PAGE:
Palm oil giants to take on EU
Malaysia and Indonesia’s trade ministers have said they will “discuss and coordinate” palm oil export issues, including organising a joint mission to the EU.
The Asean pair, which together produce 90 per cent of the world’s palm oil, plan to raise the prospect of European Union barriers on imports of palm oil with the World Trade Organisation.
A resolution by the European Parliament (pictured) in April said that by 2020 the use of vegetable oils in biodiesel that were produced in an unsustainable way leading to deforestation should be phased out.
The resolution covers palm oil: a key export for Indonesia and Malaysia.
The statement said the EU resolution, as well as the unfair labelling practices by the private sector in the bloc, would hit the income of millions of smallholders.
France said earlier this month it would move to restrict the use of palm oil in producing biofuels, which Malaysia described as discriminatory, adding that it would review its trade with France.
France’s position was hurting bilateral relations, Malaysian Palm Oil Board chairman Ahmad Hamzah said.
“French attacks are uncalled for and misguided. France should be cherishing 60 years of diplomatic relations with Malaysia,” the trade boss said.
France’s Environment Minister Nicolas Hulot recently said he would block the use of palm oil in biofuels to stop “imported deforestation”, blaming unsustainable production of soybean and palm oil for impeding development in Latin America and Asean.
The Avril Group, Europe’s largest biodiesel producer, uses French rapeseed as its main input for biodiesel.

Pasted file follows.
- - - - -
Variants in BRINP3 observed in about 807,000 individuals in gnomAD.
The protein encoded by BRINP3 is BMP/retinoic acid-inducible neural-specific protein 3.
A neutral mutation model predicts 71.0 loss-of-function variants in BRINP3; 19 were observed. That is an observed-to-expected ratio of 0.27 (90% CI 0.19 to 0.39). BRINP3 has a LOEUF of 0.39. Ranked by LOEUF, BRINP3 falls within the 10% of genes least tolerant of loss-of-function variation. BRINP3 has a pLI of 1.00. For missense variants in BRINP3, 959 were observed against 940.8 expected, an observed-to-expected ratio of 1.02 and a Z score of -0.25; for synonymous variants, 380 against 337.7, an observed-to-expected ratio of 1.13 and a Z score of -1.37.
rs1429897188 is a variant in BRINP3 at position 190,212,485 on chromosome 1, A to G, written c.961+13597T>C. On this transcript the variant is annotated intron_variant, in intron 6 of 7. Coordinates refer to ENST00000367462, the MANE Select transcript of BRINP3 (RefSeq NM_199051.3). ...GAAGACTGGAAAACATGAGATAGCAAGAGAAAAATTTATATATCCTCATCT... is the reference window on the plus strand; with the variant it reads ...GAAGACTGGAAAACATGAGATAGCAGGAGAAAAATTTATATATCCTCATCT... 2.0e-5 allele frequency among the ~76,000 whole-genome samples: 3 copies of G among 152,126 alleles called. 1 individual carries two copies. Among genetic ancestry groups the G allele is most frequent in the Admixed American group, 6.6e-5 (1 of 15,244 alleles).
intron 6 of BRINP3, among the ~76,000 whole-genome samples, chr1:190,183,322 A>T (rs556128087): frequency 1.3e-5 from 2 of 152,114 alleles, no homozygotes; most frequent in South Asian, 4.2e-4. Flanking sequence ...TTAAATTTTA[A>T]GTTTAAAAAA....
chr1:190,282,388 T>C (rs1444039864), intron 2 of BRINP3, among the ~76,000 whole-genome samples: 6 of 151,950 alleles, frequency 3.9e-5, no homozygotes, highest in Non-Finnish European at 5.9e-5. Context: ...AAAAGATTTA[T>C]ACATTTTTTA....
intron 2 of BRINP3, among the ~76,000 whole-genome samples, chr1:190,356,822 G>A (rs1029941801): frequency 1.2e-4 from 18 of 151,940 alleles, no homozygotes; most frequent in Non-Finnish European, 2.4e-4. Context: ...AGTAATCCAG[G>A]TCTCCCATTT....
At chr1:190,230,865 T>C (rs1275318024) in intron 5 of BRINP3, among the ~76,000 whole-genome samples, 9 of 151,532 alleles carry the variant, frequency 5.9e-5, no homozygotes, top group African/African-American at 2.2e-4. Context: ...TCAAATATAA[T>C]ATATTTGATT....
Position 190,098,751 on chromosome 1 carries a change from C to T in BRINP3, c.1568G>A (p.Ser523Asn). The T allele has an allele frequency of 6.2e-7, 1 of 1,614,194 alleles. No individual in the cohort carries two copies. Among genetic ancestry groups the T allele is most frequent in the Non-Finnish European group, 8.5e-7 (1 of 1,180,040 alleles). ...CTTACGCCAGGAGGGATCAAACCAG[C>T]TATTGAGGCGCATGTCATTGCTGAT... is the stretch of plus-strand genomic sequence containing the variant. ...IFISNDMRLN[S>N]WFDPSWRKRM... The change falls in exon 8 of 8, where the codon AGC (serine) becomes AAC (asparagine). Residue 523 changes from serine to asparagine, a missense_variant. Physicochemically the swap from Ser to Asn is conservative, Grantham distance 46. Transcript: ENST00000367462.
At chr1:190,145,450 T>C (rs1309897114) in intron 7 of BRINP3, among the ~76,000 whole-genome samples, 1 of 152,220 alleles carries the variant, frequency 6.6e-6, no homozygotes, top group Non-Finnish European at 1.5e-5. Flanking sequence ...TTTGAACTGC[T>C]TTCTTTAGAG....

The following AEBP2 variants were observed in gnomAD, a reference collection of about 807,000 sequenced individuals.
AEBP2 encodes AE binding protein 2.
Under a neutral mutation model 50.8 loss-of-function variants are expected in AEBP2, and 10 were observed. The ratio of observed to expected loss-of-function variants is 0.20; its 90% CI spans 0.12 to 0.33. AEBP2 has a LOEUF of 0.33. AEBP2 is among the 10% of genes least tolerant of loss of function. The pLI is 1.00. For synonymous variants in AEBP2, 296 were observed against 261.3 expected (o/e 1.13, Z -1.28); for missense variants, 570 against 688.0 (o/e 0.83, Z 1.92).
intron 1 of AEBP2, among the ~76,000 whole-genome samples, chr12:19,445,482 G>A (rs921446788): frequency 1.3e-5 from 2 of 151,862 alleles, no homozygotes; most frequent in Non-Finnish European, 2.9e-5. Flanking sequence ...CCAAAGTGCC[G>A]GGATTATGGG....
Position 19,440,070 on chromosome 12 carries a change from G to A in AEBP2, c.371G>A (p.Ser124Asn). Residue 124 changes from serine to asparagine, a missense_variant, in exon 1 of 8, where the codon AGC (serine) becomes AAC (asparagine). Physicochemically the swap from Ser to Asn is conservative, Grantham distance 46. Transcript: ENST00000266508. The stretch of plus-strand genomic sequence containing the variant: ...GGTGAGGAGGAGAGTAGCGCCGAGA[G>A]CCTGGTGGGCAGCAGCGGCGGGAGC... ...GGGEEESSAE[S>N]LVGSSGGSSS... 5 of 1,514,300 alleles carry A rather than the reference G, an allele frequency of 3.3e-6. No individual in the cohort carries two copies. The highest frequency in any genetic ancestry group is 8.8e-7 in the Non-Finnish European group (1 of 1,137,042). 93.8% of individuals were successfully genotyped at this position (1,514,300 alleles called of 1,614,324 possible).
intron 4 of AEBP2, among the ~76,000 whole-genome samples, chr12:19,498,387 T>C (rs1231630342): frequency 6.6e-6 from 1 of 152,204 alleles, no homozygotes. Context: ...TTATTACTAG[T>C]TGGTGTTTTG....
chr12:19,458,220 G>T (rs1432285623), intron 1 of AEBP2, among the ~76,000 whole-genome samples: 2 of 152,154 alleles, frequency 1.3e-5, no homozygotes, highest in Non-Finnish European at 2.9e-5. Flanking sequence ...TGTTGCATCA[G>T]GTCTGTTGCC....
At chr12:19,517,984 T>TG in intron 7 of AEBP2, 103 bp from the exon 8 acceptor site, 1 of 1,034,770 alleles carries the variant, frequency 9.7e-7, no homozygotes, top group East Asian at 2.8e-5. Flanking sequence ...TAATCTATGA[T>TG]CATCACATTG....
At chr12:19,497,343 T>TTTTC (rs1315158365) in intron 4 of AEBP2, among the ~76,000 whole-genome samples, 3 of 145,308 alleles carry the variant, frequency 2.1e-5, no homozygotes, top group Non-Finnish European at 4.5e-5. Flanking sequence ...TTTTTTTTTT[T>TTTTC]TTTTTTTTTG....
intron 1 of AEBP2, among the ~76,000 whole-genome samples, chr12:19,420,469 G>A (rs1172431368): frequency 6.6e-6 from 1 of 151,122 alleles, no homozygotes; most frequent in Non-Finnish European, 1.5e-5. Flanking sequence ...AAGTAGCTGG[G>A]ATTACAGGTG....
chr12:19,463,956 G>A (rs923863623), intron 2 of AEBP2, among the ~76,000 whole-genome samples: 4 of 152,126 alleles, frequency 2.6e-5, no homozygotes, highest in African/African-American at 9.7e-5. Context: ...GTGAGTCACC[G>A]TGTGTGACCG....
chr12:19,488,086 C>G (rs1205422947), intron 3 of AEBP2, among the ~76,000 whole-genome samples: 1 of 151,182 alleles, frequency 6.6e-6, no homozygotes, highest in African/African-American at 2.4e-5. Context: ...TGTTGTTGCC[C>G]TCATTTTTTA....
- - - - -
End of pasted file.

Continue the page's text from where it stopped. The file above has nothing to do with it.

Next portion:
Avril CEO Jean-Philippe Puig reportedly said his company supported all initiatives to ban the use of palm oil in biodiesel.
“Why is France vehemently attacking palm oil and undermining the opportunity for many families here to earn a decent living?” Ahmad told the media.
“Palm oil is a strategic commodity and the oil palm is a miracle crop,” he said. Palm oil exports provided Malaysian farmers a path out of poverty, Ahmad said.
The Indonesian palm oil association said it feared other EU members would follow France’s lead.
The Council of Palm Oil Producing Countries, a joint initiative by Malaysia and Indonesia to coordinate when managing stockpiles and supporting prices, would lead the response, the joint statement by the trade ministers said.
“Malaysia and Indonesia will consider taking this issue to the WTO if the resolution becomes an EU directive and discriminatory in nature,” Malaysia’s International Trade and Industry Ministry announced.
The palm oil industry has been accused of causing large-scale deforestation and a smoke crisis every year outbreaks due to open burning being used as a cheap way to clear land.
European Parliament. Picture credit: Wikimedia